I’m offended that you are offended!
Two train wrecks have collided around free speech in medical politics right now.
The first has to do with the politically correct/social justice warrior/virtue signalling/identity politics movement.
Proclaiming personal offence has replaced sticking out one’s tongue in the schoolyard of adult conversation. Signalling solidarity with every oppressed group is the new morality.
Thou shalt show empathy.
Thou shalt not ask rational questions such as, “Why can’t you afford meds, but you upgrade your iPhone every 6 months?”
Brace yourself. People will take offence. Listeners will join a mob to signal their own virtue at your malfeasance.
There is only one accepted view. Questions are out. Debate is unwelcome.
The second train wreck has to do with the Summer of 2016. It was a dark and nasty time for doctors in Ontario. Continue reading “Offence, Free Speech and a Code of Conduct”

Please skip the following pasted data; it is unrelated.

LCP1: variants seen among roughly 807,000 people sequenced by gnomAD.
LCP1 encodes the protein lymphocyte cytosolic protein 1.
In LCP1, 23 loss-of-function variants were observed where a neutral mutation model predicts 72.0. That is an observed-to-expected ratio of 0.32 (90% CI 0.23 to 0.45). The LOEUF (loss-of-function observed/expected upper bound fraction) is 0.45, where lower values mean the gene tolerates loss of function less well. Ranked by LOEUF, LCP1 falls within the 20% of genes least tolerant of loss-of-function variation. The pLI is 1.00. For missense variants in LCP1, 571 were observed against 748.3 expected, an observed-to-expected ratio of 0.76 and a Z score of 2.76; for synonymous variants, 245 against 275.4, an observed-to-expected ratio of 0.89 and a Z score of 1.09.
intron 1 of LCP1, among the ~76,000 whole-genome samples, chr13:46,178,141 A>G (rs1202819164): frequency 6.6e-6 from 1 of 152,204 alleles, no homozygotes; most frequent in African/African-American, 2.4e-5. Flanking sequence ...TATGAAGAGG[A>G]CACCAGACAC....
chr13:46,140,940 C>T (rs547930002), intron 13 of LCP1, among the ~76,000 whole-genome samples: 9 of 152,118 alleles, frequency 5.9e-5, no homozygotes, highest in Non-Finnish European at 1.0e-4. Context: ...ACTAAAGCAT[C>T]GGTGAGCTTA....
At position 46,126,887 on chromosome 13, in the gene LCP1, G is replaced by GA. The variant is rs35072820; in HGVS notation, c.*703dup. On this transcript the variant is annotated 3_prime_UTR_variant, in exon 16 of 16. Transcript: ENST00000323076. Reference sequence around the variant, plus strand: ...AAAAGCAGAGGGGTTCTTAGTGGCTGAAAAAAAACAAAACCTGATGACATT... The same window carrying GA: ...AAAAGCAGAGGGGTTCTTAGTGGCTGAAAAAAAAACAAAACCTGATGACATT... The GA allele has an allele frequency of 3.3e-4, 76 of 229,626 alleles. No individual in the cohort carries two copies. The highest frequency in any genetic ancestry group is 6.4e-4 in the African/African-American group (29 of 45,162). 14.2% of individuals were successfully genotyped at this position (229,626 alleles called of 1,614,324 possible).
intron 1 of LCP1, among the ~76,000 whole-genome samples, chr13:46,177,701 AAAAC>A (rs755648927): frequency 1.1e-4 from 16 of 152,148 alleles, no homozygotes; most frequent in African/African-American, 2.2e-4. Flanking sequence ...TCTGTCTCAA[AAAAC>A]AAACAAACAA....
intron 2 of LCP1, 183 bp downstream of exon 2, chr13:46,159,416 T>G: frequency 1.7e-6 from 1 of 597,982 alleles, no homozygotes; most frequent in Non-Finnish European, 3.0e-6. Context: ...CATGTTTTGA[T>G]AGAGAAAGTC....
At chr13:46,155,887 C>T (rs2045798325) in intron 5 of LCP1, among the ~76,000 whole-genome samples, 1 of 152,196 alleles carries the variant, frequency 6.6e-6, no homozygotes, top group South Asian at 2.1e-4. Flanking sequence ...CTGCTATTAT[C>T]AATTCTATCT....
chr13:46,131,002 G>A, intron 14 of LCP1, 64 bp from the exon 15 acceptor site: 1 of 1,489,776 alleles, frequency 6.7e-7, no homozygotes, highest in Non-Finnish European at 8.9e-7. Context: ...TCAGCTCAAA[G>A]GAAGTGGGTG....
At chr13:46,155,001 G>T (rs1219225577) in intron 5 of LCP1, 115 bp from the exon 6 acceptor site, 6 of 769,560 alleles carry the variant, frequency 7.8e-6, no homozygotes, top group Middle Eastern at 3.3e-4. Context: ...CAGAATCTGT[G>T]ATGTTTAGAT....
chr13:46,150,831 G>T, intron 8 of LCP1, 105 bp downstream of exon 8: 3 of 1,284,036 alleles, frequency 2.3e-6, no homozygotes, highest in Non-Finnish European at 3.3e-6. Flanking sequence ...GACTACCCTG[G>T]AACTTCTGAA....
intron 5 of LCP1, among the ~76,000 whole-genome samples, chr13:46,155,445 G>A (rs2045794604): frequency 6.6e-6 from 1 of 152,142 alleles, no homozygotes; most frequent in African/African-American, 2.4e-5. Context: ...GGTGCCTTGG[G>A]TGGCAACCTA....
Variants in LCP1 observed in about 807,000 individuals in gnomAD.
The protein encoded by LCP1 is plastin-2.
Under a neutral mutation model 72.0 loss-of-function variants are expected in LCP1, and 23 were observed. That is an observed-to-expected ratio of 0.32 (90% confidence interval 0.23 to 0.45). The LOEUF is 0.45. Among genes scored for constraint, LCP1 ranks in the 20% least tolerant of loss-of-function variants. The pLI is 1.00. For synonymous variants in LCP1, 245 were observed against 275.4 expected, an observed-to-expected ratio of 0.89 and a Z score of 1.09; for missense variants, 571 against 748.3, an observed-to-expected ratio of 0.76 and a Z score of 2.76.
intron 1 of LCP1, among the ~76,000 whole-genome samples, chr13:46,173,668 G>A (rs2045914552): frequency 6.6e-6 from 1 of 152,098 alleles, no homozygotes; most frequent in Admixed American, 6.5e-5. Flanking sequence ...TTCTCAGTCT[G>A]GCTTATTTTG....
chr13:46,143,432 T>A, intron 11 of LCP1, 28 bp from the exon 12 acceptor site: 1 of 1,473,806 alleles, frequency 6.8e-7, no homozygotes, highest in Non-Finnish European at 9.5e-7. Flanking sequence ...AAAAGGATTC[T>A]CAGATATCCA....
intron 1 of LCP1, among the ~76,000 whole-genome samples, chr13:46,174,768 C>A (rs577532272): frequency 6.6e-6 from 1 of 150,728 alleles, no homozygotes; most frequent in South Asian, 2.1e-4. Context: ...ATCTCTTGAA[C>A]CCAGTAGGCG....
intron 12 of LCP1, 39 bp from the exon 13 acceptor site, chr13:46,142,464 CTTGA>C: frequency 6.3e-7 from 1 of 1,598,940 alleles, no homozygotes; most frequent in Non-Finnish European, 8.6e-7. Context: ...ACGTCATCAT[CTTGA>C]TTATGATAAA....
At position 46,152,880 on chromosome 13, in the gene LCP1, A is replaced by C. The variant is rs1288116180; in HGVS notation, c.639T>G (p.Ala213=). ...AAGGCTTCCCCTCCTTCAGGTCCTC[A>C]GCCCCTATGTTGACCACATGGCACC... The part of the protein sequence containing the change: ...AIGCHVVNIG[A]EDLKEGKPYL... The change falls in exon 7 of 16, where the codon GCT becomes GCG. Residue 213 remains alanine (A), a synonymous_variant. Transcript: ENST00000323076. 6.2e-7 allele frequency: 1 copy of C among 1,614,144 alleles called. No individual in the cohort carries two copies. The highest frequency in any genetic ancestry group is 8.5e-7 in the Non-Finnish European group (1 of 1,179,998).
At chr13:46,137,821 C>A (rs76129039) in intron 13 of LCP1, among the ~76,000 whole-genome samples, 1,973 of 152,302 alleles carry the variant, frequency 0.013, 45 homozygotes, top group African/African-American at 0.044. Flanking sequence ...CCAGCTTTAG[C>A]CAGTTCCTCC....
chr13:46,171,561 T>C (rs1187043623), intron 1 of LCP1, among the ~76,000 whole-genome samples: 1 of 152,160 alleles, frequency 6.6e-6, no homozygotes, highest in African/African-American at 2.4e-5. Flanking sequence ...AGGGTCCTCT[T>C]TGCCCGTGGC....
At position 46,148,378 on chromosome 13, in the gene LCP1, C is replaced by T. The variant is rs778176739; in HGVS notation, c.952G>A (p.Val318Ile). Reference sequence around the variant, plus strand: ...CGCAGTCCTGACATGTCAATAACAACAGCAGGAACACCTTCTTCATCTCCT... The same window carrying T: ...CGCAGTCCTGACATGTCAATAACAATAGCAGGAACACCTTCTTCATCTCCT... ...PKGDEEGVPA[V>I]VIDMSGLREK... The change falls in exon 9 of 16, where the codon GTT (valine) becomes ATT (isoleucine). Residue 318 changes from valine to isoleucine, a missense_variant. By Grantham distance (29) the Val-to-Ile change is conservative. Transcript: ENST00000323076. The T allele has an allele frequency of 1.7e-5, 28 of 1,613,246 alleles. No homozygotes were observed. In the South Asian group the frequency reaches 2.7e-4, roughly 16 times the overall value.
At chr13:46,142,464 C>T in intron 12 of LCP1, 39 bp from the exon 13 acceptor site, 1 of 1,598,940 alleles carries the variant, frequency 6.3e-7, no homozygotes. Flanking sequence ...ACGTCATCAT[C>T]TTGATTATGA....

We scrambled to book massages and orthotics for our children.
The year was almost over. We had unused health benefits.
Did they need a massage?
Who determines need versus want?
Do need and want overlap? If not, where does one end and the other start?
Economists teach us that demand for free products and services is infinite.
Voters experience the limits of free government products and services as rationing. Stuff runs out. Wait lines form. Continue reading “Moral Hazard and OHIP+”
Everyone is special, some more than others.
Need trumps merit in our socialized healthcare system. So naturally, we all compete to be the most needy. It’s in our best interest.
Appearing needy maximizes the chance of getting funding. Strength invites scrutiny or funding cuts.
Is the whole thing a sham?
Should all stakeholders get identical gifts?
Despite cynicism about interests and special favours, small towns have unique needs. Northern medicine is truly special. The big issues are, for the most part, the same as everywhere else:
Funding cuts cause decreased access to care.
Overcrowded hospitals leave patients in hallways.
Lack of long-term care beds exacerbates hospital crowding.
Bad management makes everyone suffer.
The issues are identical. The impact is unique. Continue reading “What’s so Special About Northern Medicine?”